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‘ [57] the same band sounded retreat, tattoo and taps all along the rebel lines, moving from place to place, and this morning suspicion was ripened into certainty when we saw dense volumes of smoke arise in the direction of Corinth and heard the report of an exploding magazine. Corinth was evacuated and Beauregard had achieved another triumph. I do not know how this matter strikes abler military men, but I think we have been fooled. The works are far from being invaluable, and the old joke of quaker guns has been played off on us. They were real wooden guns, with stuffed ‘paddies’ for gunners. I saw them. We approached clear from Shiloh in line of battle and made preparations to defend ourselves, compared with which the preparations of Beauregard sink into insignificance. This morning we could have poured shot and shell from our 300 guns into works that never saw the day when General McCook could not have taken his division into them.’

Another Northern correspondent wrote: ‘The retreat of the enemy was conducted in best of order. Before our men had entered the place all had got off safely. General Halleck has thus far achieved one of the most barren triumphs of the war. In fact, it was tantamount to a defeat. It gives the enemy an opportunity to select a new position as formidable as that at Corinth, and in which it will be far more difficult for us to attack him, on account of the distance our army will have to transport its supplies. * * * I look upon the evacuation there as a victory for Beauregard, or at least as one of the most masterly pieces of strategy that has been displayed during this war. It prolongs the contest in the Southwest for at least six months.’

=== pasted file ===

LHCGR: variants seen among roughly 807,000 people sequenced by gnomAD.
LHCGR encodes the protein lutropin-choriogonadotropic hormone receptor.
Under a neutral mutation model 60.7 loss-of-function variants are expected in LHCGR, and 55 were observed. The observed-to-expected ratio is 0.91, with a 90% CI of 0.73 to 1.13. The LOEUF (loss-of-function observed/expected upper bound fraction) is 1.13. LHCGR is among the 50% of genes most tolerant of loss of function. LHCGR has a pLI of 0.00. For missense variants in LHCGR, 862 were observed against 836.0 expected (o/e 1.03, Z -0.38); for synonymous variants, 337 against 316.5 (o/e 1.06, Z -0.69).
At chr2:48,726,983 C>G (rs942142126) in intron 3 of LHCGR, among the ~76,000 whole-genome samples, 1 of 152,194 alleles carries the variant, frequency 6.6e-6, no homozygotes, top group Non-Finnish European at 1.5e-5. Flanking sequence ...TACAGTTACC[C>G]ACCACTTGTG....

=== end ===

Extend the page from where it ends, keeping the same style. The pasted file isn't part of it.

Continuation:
This modest estimate of the prolongation of the war is an evidence of the prevalent idea at times both South and North. Jackson had not yet concluded his campaign in the Shenandoah valley, nor had Lee driven McClellan from before Richmond.

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Beauregard (3)
McCook (1)
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Robert E. Lee (1)
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